Brokeback Mountain got me good
By Norah Wilson
Well it finally opened in my hometown. Brokeback Mountain. I knew it had cleaned up at the Golden Globe Awards (best motion picture, best director, best screenplay), and I’d heard the performances by Heath Ledger and Jake Gyllenhaall were not to be missed. So I rounded up two of my sisters and we went on Wednesday.
As I watched the movie, I think it suffered from all the advance hype. After having read the glowing reviews, my expectations were sky-high, and I found myself judging it against the hype. Yes, it was beautifully filmed (the Alberta Rockies pass nicely for Wyoming), the acting was wonderful, and it delivered a good story. But as I left the theatre, I asked myself, “Was it a great movie?” Sometimes it takes me a few days to figure that out. Now that a few days have passed, I can safely say yes, it was. It didn’t make me cry, but it left a kind of ache that keeps coming back to me at unexpected moments. That’s my personal barometer for measuring a movie’s impact.
The acting really was wonderfully. I went in there with an objective curiosity about how these two virile, heterosexual actors were going to pull this off. But they did their job so well, the actors and characters merged in my head. I forgot to watch the performance critically. All I know is that they did pull it off, beautifully. When Ennis/Heath put his arm around Jack/Jake’s neck, there was no mistaking the tenderness. And that reunion kiss after a 4-year separation was just plain hot! Throughout this story, they make you believe completely that each is the sole object of the other’s desire.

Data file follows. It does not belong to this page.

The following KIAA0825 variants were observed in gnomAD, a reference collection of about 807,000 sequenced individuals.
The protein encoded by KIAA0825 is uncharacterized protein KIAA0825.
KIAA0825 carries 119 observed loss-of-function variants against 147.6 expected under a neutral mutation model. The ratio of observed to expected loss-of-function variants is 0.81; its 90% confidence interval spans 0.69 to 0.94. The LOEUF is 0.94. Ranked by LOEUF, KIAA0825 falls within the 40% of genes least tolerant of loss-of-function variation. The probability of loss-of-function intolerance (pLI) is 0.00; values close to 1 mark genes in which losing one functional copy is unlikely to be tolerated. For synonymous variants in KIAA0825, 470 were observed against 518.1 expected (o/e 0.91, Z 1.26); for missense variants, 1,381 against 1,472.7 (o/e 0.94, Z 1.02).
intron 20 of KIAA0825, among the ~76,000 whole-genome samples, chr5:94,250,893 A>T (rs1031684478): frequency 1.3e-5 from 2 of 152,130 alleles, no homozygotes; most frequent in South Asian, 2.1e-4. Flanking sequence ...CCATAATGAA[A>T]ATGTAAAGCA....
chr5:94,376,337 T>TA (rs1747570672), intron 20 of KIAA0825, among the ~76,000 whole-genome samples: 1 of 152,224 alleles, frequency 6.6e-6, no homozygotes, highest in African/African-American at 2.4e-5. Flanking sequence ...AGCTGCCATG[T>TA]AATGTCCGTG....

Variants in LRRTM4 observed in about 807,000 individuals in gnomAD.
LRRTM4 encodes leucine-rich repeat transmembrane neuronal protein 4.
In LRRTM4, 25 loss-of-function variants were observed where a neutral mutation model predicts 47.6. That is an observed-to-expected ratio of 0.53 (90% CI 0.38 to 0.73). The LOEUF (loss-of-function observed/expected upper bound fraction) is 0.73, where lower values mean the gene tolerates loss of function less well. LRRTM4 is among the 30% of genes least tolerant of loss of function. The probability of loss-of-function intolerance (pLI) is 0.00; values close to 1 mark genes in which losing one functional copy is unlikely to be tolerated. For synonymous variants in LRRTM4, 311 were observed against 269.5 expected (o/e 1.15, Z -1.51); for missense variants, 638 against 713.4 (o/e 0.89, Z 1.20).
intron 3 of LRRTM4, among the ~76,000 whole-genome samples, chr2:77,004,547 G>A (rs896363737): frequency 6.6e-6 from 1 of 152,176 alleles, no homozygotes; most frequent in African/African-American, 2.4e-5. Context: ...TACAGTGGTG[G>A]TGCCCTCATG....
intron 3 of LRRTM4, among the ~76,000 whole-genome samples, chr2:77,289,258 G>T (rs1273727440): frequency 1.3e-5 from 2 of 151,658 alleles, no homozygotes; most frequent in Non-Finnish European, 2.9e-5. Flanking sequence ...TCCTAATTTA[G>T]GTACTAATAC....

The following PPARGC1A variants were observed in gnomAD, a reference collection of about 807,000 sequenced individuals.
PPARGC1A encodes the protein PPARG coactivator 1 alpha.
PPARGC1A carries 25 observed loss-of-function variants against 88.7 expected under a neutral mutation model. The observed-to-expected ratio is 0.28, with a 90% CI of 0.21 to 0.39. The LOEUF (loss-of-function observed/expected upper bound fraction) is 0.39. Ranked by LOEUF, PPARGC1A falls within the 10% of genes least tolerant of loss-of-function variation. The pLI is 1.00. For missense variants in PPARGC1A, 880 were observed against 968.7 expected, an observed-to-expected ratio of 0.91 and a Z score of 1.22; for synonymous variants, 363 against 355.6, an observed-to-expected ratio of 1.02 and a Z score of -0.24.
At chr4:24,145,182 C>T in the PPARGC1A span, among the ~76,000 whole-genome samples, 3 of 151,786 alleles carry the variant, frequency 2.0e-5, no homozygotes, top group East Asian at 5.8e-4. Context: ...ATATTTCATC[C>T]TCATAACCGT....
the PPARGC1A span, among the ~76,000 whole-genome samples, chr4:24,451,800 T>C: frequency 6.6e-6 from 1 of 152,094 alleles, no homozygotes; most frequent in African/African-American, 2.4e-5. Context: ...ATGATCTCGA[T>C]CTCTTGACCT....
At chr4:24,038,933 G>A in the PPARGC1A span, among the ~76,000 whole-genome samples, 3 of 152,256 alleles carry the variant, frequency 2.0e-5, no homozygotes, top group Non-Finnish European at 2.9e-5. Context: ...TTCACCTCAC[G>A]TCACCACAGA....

The movie has something important to say—quietly—about a lot of things, including same-sex love (or any kind of forbidden love), societal intolerance/pressure to conform, and personal choices.
But one of the most courageous things I think it does is to expose its big romantic heart. It plays it totally “straight” (if you’ll excuse the expression), and never hides behind cynicism. In retrospect, it seems to leave itself vulnerable to ridicule for many of the same reasons that critics deride the romances I love to read (and write). My prediction is that if Hollywood puts a few more movies like this in front of mainstream audiences, the novelty will wear off and the critics will start sharpening their claws. “Yeah, yeah, they’re lovers already. Now let’s see a bomb explode or a car chase.” Personally, I think that would be a crying shame.
In fact, I had two people ask me the same question after I told them I’d seen the movie. The question: “When Jake Gyllenhaall says ‘I wish I could quit you’, is it as cheesy as it looks in the trailers?” The answer is no; it was very powerful, within the context of a very powerful scene. As a romance writer, I'm keenly conscious that you could take some of the most electrifying dialogue out of the context of any book and make it sound overwrought and corny. To my astonishment, what I was seeing was not intolerance for gay relationships, but intolerance for romance. And how sad is that?
Personally, this is exactly what I want to see on the screen -- big, passionate, high-stakes love stories. I want to see more films that leave their exposed hearts beating out there in the open. This is more important for me than whether the relationship in question is heterosexual or gay.
So what did you think of the movie? Weigh in with your comments. I’d love to read them.